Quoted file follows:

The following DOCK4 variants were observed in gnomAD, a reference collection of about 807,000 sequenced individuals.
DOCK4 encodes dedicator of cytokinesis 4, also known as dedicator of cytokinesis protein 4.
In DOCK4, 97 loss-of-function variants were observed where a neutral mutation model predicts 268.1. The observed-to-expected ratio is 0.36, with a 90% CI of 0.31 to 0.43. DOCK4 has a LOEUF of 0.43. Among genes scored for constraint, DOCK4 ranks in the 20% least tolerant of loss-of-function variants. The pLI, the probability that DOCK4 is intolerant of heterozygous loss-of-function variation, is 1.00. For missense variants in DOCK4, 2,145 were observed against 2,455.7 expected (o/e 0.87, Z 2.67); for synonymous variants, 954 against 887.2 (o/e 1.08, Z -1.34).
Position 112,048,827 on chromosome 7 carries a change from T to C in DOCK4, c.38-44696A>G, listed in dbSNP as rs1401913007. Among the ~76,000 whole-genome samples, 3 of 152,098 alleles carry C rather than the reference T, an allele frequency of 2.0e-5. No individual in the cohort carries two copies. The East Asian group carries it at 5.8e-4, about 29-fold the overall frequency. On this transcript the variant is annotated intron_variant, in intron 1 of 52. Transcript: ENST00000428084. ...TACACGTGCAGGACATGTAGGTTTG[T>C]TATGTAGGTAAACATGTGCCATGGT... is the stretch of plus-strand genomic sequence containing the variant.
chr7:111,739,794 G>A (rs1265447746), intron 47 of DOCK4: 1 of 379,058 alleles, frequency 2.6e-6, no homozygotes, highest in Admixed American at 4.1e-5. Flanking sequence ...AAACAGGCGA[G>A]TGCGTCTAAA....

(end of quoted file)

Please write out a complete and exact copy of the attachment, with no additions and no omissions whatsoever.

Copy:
The following DOCK4 variants were observed in gnomAD, a reference collection of about 807,000 sequenced individuals.
DOCK4 encodes dedicator of cytokinesis 4, also known as dedicator of cytokinesis protein 4.
In DOCK4, 97 loss-of-function variants were observed where a neutral mutation model predicts 268.1. The observed-to-expected ratio is 0.36, with a 90% CI of 0.31 to 0.43. DOCK4 has a LOEUF of 0.43. Among genes scored for constraint, DOCK4 ranks in the 20% least tolerant of loss-of-function variants. The pLI, the probability that DOCK4 is intolerant of heterozygous loss-of-function variation, is 1.00. For missense variants in DOCK4, 2,145 were observed against 2,455.7 expected (o/e 0.87, Z 2.67); for synonymous variants, 954 against 887.2 (o/e 1.08, Z -1.34).
Position 112,048,827 on chromosome 7 carries a change from T to C in DOCK4, c.38-44696A>G, listed in dbSNP as rs1401913007. Among the ~76,000 whole-genome samples, 3 of 152,098 alleles carry C rather than the reference T, an allele frequency of 2.0e-5. No individual in the cohort carries two copies. The East Asian group carries it at 5.8e-4, about 29-fold the overall frequency. On this transcript the variant is annotated intron_variant, in intron 1 of 52. Transcript: ENST00000428084. ...TACACGTGCAGGACATGTAGGTTTG[T>C]TATGTAGGTAAACATGTGCCATGGT... is the stretch of plus-strand genomic sequence containing the variant.
chr7:111,739,794 G>A (rs1265447746), intron 47 of DOCK4: 1 of 379,058 alleles, frequency 2.6e-6, no homozygotes, highest in Admixed American at 4.1e-5. Flanking sequence ...AAACAGGCGA[G>A]TGCGTCTAAA....